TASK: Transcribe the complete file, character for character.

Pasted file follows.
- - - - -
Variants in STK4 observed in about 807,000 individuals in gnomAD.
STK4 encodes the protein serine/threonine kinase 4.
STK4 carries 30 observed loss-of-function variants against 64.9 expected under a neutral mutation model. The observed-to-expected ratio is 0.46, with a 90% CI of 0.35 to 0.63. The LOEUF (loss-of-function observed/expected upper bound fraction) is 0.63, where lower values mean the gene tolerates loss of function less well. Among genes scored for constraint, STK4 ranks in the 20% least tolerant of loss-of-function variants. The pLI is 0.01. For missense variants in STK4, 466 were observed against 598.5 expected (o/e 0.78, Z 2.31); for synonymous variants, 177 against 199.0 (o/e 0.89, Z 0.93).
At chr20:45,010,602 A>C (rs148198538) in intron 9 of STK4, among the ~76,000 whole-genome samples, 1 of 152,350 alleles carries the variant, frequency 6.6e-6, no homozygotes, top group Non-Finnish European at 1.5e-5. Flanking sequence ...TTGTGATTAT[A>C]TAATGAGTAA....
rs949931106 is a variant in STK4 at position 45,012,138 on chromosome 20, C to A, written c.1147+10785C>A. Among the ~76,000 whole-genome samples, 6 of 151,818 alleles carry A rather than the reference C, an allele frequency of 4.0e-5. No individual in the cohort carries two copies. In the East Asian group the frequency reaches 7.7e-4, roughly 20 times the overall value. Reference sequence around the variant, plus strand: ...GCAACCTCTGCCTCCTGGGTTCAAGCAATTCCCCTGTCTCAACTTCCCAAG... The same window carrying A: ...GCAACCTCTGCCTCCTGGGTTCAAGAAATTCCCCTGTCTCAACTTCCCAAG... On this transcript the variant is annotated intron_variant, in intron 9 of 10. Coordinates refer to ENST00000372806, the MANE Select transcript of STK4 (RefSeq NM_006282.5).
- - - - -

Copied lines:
Variants in STK4 observed in about 807,000 individuals in gnomAD.
STK4 encodes the protein serine/threonine kinase 4.
STK4 carries 30 observed loss-of-function variants against 64.9 expected under a neutral mutation model. The observed-to-expected ratio is 0.46, with a 90% CI of 0.35 to 0.63. The LOEUF (loss-of-function observed/expected upper bound fraction) is 0.63, where lower values mean the gene tolerates loss of function less well. Among genes scored for constraint, STK4 ranks in the 20% least tolerant of loss-of-function variants. The pLI is 0.01. For missense variants in STK4, 466 were observed against 598.5 expected (o/e 0.78, Z 2.31); for synonymous variants, 177 against 199.0 (o/e 0.89, Z 0.93).
At chr20:45,010,602 A>C (rs148198538) in intron 9 of STK4, among the ~76,000 whole-genome samples, 1 of 152,350 alleles carries the variant, frequency 6.6e-6, no homozygotes, top group Non-Finnish European at 1.5e-5. Flanking sequence ...TTGTGATTAT[A>C]TAATGAGTAA....
rs949931106 is a variant in STK4 at position 45,012,138 on chromosome 20, C to A, written c.1147+10785C>A. Among the ~76,000 whole-genome samples, 6 of 151,818 alleles carry A rather than the reference C, an allele frequency of 4.0e-5. No individual in the cohort carries two copies. In the East Asian group the frequency reaches 7.7e-4, roughly 20 times the overall value. Reference sequence around the variant, plus strand: ...GCAACCTCTGCCTCCTGGGTTCAAGCAATTCCCCTGTCTCAACTTCCCAAG... The same window carrying A: ...GCAACCTCTGCCTCCTGGGTTCAAGAAATTCCCCTGTCTCAACTTCCCAAG... On this transcript the variant is annotated intron_variant, in intron 9 of 10. Coordinates refer to ENST00000372806, the MANE Select transcript of STK4 (RefSeq NM_006282.5).